Tuesday, September 7, 2010

Won't You Be My Neighbor?

This weekend I stood in the backyard with a hose over our back wall and watered the neighbor’s trees. I’ve been doing it faithfully for about two months, ever since we realized the neighbors were gone and weren’t returning.

As you know, the mortgage crisis hit Las Vegas hard, and the telltale sign of a foreclosed house is not the For Sale sign in the yard - it’s the brown landscaping. After all, nothing grows in Vegas unless you have a sprinkler hooked up to it, so of course when the water is shut off, the yard of a foreclosed house is the one brown rectangle in a street of green.

We never really knew our neighbors. Their backyard borders ours along a six-foot-tall back wall, and since their house’s entrance is on another street we never really had a chance to talk. Sure, I wish I could have known them – or any of our neighbors. I mean, I’m from the Midwest, where it’s ingrained to take a batch of cookies or a freshly baked pie to your neighbors so you can get acquainted. But I’ve never done that since my first try several years ago, when the couple next door to our first house looked confused when I showed up with a banana nut bread. People in Vegas seem to prefer their compartmentalized lives in their walled-in homes.

In spite of never actually meeting the family behind us, we did feel that we knew them. Every morning and every evening when we’d open or close our upstairs bedroom’s curtains we had a perfect view of their yard – of the pool and the little tiki bar they put in the corner, the potted plants that sat in the shade. We weren’t voyeuristic; we just noticed them as they lived their lives, in those brief daily glimpses.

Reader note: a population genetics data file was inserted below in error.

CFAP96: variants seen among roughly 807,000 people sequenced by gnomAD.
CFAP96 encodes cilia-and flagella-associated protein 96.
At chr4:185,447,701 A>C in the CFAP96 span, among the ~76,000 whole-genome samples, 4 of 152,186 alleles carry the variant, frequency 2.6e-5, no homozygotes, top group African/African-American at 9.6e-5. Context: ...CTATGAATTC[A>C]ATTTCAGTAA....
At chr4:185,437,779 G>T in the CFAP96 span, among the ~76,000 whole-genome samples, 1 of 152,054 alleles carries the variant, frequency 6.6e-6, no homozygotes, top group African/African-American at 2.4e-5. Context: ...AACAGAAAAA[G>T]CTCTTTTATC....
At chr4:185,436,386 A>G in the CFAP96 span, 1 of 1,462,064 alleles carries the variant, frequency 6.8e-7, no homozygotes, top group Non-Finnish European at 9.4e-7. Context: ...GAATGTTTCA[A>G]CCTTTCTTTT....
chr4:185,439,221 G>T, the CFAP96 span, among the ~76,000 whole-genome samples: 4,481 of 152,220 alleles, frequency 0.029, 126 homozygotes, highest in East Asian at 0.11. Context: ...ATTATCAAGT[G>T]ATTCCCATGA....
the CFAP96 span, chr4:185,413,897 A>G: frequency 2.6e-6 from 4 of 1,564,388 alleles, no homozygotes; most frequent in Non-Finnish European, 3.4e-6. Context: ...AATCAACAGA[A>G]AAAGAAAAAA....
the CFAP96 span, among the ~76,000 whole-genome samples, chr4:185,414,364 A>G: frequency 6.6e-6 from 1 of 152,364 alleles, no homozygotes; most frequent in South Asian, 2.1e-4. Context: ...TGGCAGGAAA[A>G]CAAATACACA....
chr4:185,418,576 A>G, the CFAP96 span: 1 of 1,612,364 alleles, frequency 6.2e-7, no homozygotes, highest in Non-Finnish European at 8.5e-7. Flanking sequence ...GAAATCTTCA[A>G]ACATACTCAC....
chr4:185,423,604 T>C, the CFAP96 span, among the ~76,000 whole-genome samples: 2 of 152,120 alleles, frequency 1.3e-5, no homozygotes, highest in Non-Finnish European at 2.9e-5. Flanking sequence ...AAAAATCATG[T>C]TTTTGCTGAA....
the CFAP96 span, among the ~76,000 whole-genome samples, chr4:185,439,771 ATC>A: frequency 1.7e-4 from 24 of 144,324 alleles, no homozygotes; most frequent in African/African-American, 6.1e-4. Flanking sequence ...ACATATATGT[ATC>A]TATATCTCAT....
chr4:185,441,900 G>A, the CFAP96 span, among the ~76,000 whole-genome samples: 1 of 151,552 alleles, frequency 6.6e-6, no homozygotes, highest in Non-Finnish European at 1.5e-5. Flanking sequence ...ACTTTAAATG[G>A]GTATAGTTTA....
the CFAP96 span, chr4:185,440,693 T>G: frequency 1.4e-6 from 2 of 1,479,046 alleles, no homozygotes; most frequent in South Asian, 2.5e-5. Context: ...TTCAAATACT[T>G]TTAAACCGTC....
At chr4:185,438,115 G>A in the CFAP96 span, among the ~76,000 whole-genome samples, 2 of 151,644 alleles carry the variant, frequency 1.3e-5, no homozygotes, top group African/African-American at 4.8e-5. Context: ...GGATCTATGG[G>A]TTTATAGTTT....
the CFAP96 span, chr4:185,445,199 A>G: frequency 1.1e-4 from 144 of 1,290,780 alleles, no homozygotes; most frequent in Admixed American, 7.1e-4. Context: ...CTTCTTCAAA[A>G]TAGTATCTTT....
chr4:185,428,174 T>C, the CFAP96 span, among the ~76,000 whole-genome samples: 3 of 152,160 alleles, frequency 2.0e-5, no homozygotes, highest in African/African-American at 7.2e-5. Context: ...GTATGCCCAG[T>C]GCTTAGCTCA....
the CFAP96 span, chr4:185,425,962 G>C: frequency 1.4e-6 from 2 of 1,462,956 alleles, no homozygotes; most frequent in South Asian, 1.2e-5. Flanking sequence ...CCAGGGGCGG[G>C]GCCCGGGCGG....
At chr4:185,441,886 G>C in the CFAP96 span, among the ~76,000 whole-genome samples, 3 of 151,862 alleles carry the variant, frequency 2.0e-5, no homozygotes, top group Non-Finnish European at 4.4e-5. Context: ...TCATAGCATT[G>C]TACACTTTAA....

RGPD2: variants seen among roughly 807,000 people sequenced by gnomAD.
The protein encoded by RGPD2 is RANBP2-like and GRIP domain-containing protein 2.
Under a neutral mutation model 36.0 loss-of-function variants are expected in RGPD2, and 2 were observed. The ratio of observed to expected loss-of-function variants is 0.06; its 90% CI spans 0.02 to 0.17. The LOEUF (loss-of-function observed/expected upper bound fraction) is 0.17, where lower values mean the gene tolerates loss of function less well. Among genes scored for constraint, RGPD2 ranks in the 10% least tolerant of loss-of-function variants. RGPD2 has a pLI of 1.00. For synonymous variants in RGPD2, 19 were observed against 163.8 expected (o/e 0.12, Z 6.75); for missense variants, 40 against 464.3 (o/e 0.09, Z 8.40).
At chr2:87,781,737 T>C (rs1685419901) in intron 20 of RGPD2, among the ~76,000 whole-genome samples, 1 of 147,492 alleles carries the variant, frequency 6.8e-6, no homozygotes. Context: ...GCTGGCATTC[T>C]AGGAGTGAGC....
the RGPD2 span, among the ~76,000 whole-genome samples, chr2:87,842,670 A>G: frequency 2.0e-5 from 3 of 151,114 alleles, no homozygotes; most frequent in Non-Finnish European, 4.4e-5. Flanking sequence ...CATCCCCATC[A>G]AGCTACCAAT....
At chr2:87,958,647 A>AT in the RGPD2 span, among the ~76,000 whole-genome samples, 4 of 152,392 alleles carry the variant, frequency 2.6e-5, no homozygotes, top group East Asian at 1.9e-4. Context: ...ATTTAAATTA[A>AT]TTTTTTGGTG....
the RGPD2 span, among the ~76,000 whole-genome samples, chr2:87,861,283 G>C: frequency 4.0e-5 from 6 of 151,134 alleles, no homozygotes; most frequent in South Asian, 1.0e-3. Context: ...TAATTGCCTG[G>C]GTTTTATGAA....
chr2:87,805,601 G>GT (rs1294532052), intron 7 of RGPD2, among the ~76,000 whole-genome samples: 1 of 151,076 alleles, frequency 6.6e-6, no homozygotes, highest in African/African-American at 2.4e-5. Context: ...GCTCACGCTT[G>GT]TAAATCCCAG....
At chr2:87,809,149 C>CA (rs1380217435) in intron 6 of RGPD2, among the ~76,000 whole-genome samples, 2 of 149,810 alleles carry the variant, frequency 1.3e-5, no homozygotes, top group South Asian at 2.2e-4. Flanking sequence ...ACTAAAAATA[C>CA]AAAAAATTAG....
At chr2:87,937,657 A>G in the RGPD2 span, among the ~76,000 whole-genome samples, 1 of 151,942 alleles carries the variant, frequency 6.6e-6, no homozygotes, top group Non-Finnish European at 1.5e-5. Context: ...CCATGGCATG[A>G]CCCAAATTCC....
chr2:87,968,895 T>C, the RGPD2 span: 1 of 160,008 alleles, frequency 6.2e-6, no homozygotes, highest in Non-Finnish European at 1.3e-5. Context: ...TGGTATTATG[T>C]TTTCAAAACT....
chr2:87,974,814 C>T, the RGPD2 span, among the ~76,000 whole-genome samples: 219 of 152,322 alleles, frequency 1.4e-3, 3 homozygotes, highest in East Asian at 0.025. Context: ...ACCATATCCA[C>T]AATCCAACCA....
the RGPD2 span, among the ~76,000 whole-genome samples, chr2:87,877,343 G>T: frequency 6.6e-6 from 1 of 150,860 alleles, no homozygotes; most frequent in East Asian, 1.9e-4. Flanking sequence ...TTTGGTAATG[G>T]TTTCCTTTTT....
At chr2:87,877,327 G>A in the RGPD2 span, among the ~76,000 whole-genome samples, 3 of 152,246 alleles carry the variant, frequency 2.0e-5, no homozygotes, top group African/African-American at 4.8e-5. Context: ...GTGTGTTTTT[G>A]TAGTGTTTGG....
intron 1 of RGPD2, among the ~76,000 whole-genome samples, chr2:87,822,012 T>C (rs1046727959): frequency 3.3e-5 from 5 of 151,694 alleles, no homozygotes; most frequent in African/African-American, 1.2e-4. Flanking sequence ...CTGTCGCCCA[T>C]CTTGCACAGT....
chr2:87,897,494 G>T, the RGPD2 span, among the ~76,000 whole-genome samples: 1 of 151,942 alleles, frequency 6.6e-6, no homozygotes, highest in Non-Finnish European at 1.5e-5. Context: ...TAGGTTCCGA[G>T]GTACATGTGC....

On the weekends the husband worked out in the yard and slowly installed a stone patio by the back door while his wife sat in a lounge chair by the pool. Later he added a retractable shade awning and a small TV on a wall-mounted stand. After a few months of living behind us, a man appeared at their patio table every morning with coffee, cigarette, and a newspaper. We decided he was the in-law who came to live with them. He was there too long for just a visit. And he always sat alone.

Our favorite member of the family was their son, a little blond kid who was about three or four when we first saw him. He splashed in the pool with his dad or while the mom sat in her chair, unmoved. But mostly he was alone in the yard, amusing himself by playing superhero while wearing nothing but his underwear and a towel tied around his neck as a cape. He walked around the yard whacking plants with a plastic sword, and he and a big plastic Godzilla protected the world from evil, right there in view of our upstairs window.

Right now, the retractable awning is gone, Godzilla is lying on his side in the debris by their muddy pool, and all the plants are brown, except for the three trees I water every day. They are taller than our trees, so losing them would take away the privacy and shade they give our yard. And why should the trees suffer, just because the people moved on?

Watering their trees is the neighborly thing to do.

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